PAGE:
DMG MORI Installation at Leeds University

The University selected a DMU 40 eVo linear for its 18,000 rpm spindle speed, 5-axis continuous machining capabilities, dynamic swivel rotary table, linear drives and small footprint..

The University of Leeds (Leeds, UK) is set to become a center of excellence for robotics thanks to major funding from the Engineering and Physical Research Council (EPSRC) to form a £4.3 million National Facility for Innovative Robotics Systems, directed by Dr. Robert Richardson.

The aim of the facility is to become a national resource for robotics and to make it possible to manufacture components for these devices which were previously very difficult or impossible to produce. Many of the applications demand miniaturisation.

Already, a robot has been built to penetrate small 20 cm by 20 cm shafts in the pyramids at Giza and has revealed hieroglyphics in a secret chamber that have not been seen for thousands of years.

Other applications include inspection of inaccessible or hazardous areas in aerospace or nuclear power station projects, quick identification of victims trapped in buildings following a natural disaster, improved surgical outcomes through the internal monitoring of a patient’s condition during an operation, and advanced prosthetic devices.

The funding provided the opportunity to install 16 pieces of high technology equipment. Facilities manager, Graham Brown says, “We wanted to select world class machinery which would make us a centre for robotics and facilitate collaboration with industrial partners which would in itself generate additional funding for further advanced projects. Up to now, many of the robotic projects have had to be theoretical, but with the new facility we will be able to turn them into reality.”

The University of Leeds selected the DMU 40 eVo linear from DMG MORI (Conventry, UK) for its 18,000 rpm spindle speed, 5-axis continuous machining capabilities, dynamic swivel rotary table, linear drives and small footprint.

Other equipment purchased at the same time included an Object 1000 3D printer which is one of the largest available and capable of printing in medically compatible materials; a Synova laser cutter which is one of only three worldwide and which will be used for cutting piezoelectric ceramics; a Citizen sliding head lathe for cutting 3 mm diameter components 200 mm long; and a LPKF laser structuring machine which will make it possible to incorporate electronics into the shell of a robot.

Once the funding had been approved, Brown was faced with a tight schedule for the completion of the installation of all the machinery as well as some major logistical problems. “The machines had to be in and commissioned by 28th of February 2014 to comply with the funding conditions. We also had a maximum headroom inside the building of 2 m and the DMU 40 eVo linear was 2.4 m high. In collaboration with DMG MORI we carried out a survey and drew up a detailed plan for the installation.”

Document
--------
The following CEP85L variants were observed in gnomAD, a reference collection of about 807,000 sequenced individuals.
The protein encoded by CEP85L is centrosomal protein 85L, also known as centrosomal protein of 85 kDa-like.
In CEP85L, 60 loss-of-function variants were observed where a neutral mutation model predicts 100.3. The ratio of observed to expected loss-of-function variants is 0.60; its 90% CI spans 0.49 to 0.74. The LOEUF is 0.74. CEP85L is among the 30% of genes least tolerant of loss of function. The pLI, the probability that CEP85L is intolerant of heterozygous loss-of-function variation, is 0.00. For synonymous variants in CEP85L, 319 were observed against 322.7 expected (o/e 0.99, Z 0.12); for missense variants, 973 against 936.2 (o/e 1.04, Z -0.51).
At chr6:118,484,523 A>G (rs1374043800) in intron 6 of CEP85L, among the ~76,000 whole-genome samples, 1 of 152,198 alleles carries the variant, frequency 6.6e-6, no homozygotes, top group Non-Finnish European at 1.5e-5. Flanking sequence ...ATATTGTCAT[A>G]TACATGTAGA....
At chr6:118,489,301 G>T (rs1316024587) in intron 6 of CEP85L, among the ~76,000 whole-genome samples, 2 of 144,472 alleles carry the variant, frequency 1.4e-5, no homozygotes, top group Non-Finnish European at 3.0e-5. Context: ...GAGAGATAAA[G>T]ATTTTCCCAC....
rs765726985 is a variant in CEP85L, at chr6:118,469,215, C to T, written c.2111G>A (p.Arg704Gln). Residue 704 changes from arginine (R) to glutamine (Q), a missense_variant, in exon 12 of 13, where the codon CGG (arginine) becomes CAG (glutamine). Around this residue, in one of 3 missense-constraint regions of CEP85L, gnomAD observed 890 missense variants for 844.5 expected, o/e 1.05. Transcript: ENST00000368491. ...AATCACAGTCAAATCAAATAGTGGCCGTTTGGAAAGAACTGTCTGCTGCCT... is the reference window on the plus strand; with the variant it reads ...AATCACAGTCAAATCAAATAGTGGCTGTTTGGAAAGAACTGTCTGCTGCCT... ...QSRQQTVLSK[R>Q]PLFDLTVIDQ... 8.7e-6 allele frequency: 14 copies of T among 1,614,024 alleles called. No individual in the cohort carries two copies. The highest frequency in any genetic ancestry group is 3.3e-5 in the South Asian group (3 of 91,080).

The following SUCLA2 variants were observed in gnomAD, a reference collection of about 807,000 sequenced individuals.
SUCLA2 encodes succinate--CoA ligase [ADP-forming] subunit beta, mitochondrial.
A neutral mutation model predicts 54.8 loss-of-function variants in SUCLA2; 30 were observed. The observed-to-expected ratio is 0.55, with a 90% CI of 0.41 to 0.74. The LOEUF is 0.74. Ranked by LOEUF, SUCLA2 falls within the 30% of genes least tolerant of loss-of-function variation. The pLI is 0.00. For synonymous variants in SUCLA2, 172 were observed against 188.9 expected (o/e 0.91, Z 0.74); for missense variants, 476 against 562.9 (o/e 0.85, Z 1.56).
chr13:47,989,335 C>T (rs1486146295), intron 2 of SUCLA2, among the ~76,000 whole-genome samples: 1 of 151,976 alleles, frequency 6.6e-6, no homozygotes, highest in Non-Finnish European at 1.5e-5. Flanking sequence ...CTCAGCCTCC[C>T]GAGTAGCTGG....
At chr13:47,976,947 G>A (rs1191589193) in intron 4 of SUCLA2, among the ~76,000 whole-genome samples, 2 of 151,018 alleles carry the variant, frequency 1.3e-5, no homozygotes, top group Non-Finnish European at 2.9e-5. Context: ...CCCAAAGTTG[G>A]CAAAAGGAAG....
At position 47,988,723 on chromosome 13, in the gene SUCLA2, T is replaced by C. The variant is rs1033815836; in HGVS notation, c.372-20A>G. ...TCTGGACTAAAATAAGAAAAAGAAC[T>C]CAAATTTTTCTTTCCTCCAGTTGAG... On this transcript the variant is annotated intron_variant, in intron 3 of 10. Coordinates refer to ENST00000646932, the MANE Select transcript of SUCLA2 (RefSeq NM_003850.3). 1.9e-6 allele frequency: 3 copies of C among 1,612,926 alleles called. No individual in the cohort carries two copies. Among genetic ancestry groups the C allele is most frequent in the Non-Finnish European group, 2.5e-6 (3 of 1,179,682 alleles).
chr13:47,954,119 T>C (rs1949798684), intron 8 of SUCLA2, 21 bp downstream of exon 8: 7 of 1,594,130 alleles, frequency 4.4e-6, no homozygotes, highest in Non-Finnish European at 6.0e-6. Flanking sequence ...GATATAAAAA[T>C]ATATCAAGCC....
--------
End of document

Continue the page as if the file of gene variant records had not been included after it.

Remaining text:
Within the building three walls had to be demolished to allow sufficient space for the machine to pass, service ducts, which had not been opened for 35 years, had to be reinforced to take the weight of the machine, and DMG MORI stripped the machine down in Germany to reduce its height below the 2 m limit.

The difficulties were not just inside the university building as a major road into Leeds needed to be closed for the delivery. Brown and his team used a traffic management company and were allotted an eight hour time slot between 10 pm and 6 am to complete the installation. As part of the plan the Object 3D printers and the DMU 40 eVo linear were to be delivered at the same time.

On the day of the installation, the main doors to the Engineering Faculty were removed, which had its own security implications, and a temporary pedestrian walkway and bus stop were set up. When the machines arrived at 10 pm, the Object printers were moved first and the DMG MORI machine second, further limiting the time available.

The thorough planning paid off as the DMU 40 eVo linear was craned over the bus stop and dragged through the main entrance. Even details such as protecting the floor from damage had been considered. Following the installation, DMG MORI engineers were on site for two weeks to rebuild, test and commission the machine.

Brown stated, “The plan was perfect, even though the DMU 40 eVo linear was the second machine to be installed it flew in and was completed in three hours, well inside the time allowed.”

Stewart Cousins, the business development manager for DMG MORI, was the contact point for the University of Leeds and collaborated with its team in planning the installation. Cousins stated, “We were careful to ensure that we had understood the logistical requirements and had foreseen any potential pitfalls. We had a good dialogue during the whole process, which went with military precision. Communication at every stage was the key to the success of the project.”

www.dmgmori.com

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